Who is Brandon Belt?

Being a sabermetrically inclined baseball fan resident in San Francisco, I am painfully aware that  Brandon Belt has been a cause célèbre for a number of years. The Baby Giraffe finally came up to stay in mid 2011 after tearing up AAA, and then played in 140 games for the Giants during their 2012 title run. Belt enters 2013 as a 25 year old with over 600 plate appearances in the majors, and for the first time faces a few questions from all corners about where he fits.

Though Belt has occasionally made appearances in the outfield and has proved a bit lighter on his feet than your average 1B (12 stolen bases in 2012), he is a first baseman and must be judged as such. Heading into this season, Belt has 681 plate appearances spread over 208 major league games in his ages 23 and 24 seasons. His raw triple slash stands at 259/344/418, good for a wOBA of .332 and 2.5 WAR. The unadjusted numbers suffer, of course, since he plays more than half his games in San Francisco, San Diego and Los Angeles – but all in all, a hitter 12% above average before reaching the age of 25 would appear solid.

Unfortunately, the bar for first basemen is significantly higher than that for other, more demanding positions. Over the past two seasons, if we sort by 1B that have at least 500 ABs, Belt finishes 31st in wOBA out of 50 qualifiers, just behind Daniel Murphy and tied with the now out of baseball Carlos Pena.

Of course, that comparison ignores one of the large points in Belt’s favor – -namely, his youth. Being a major league hitter is incredibly difficult, doing so at age 23 even more challenging. So while comparisons against some of the game’s best sluggers cast Belt is an unfavorable light, perhaps we should also look at what 1B of the past have done at similar ages. Here is a list of the production of 1B (min 100 games) since 2000 in their years 23-24 seasons. Though only 4 of the 22 qualifiers hit fewer than Belt’s 16 HRs, his 117 OPS+ places him squarely between Mark Teixeira and Adrian Gonzalez – a much more inviting neighborhood for those of us that have sung his praises lo these many years. (Sadly, the close comparables also include Daric Barton and James Loney).

So who is Brandon Belt – Adrian Gonzalez or Daric Barton?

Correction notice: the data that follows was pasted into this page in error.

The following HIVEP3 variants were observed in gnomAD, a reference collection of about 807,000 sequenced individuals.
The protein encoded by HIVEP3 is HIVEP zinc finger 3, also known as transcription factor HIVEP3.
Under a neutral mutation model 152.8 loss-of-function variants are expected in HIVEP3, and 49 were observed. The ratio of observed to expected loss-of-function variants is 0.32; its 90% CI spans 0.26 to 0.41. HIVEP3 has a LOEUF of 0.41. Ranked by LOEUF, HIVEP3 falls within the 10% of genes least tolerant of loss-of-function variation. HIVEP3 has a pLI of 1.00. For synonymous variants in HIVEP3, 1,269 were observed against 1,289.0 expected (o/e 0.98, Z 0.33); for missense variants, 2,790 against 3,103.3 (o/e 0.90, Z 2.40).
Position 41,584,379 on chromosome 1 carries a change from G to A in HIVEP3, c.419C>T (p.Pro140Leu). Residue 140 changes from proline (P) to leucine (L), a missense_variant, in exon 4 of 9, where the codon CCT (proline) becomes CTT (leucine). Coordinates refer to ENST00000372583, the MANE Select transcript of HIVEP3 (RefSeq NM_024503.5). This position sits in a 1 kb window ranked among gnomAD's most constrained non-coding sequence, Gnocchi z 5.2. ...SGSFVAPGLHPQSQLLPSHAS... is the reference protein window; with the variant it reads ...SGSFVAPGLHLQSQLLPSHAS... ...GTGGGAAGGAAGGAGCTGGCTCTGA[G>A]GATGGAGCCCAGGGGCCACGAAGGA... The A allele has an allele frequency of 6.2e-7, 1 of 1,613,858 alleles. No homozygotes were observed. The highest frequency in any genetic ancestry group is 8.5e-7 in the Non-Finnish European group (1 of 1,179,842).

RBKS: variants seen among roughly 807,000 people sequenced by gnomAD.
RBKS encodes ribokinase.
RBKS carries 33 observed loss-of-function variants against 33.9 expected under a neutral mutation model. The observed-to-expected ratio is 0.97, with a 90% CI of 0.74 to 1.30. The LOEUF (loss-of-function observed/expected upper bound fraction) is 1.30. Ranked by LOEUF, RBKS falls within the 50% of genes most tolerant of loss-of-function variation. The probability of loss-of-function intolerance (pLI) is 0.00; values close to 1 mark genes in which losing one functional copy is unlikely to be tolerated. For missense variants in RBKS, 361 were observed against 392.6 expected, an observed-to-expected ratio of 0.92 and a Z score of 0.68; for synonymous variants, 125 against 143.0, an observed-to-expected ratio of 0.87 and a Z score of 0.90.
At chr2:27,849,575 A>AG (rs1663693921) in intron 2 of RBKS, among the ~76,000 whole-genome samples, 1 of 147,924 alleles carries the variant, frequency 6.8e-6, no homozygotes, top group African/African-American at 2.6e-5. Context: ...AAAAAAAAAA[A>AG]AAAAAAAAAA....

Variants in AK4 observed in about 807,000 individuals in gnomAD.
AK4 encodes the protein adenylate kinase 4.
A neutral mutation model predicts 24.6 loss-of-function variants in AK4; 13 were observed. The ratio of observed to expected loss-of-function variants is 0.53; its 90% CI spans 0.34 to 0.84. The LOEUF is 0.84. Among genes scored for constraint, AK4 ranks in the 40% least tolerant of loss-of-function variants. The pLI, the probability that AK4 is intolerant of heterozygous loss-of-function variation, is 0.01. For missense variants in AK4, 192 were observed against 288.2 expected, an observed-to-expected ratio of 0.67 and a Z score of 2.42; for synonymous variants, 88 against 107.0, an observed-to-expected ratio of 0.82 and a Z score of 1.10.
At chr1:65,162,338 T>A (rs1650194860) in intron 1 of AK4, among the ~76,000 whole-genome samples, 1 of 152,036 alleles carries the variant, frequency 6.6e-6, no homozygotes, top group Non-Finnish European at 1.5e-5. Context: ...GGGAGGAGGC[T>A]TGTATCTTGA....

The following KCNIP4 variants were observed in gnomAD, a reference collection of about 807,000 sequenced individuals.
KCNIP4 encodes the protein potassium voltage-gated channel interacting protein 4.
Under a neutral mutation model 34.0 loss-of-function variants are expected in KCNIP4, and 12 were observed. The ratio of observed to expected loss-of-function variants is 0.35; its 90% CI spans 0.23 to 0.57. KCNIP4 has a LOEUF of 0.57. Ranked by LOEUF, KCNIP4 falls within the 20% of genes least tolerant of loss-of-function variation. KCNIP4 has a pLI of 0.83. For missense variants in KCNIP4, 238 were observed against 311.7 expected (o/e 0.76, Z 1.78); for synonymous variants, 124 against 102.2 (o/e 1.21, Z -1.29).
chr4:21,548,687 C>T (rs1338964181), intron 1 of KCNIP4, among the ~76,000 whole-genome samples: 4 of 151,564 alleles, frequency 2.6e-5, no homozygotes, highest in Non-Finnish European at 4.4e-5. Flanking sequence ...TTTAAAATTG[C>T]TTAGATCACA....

Barton and Gonzalez couldn’t be more different – Gonzalez a bopper in the traditional sense, whereas Barton relied on selectivity and defense to deliver value for the A’s. Looking across all three players, however, there are similarities when we look at their 23-24 seasons:

Name
G
LD%
GB%
FB%
OBP
SLG
wRC+
Daric Barton
213
21.20%
37.40%
41.30%
0.388
0.406
123
Adrian Gonzalez
199
22.60%
42.70%
34.70%
0.343
0.481
114
Brandon Belt
208
22.10%
39.20%
38.70%
0.344
0.418
112

All 3 played roughly the same amount (though Belt’s appearances as a late inning defensive replacement cost him plate appearances), and hit line drives and ground balls at roughly the same rate – ultimately Barton’s and Belt’s on-base skills closed the gap created by Gonzalez’s power.

Looking beyond, however, there are some categories that stand out:

Name
BB%
K%
ISO
HR/FB
OBP
SLG
Daric Barton
15.50%
14.50%
0.134
5.30%
0.388
0.406
Adrian Gonzalez
7.80%
18.90%
0.193
15.10%
0.343
0.481
Brandon Belt
10.90%
23.90%
0.159
9.40%
0.344
0.418

Belt’s patience has never been questioned – but his K rate is significantly higher than our comparables, and he doesn’t seem to hit with enough power to stomach the strikeouts. Looking back to 2000 at 1B through age 24, if we sort by K%, we unsurprisingly find that you need to hit with significantly more power than Belt’s .159 ISO to make the grade as an above average 1B.

Who is Brandon Belt?

So does our analysis tell us anything? While Belt has been hyped as a masher, comparing him to similarly aged 1B leaves the distinct impression that he is certainly not elite – though the Giants don’t need him to be elite. Can he become elite? Possible, though unlikely from a historical perspective – those that have made the leap to elite hitter (Votto, Billy Butler , Adrian Gonzalez, Paul Konerko) sported significantly lower K rates and higher ISOs than Belt to this point. With two titles in 3 years, the Giants don’t need Belt to be Joey Votto, but as a Baby Giraffe backer these past few years, it may be time to consider that if he doesn’t show improvement in both metrics soon, perhaps other alternatives (Posey to 3B, Panda to 1B?) make more sense long term.

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About Bill Porter

Bill is an aspiring sportswriter (attorney by day) born in Washington DC, raised in New York, and currently living in San Francisco with his wife Kirsten and two spazzy labs, Fletch and Bear. Follow me on Twitter at @wfporter1972
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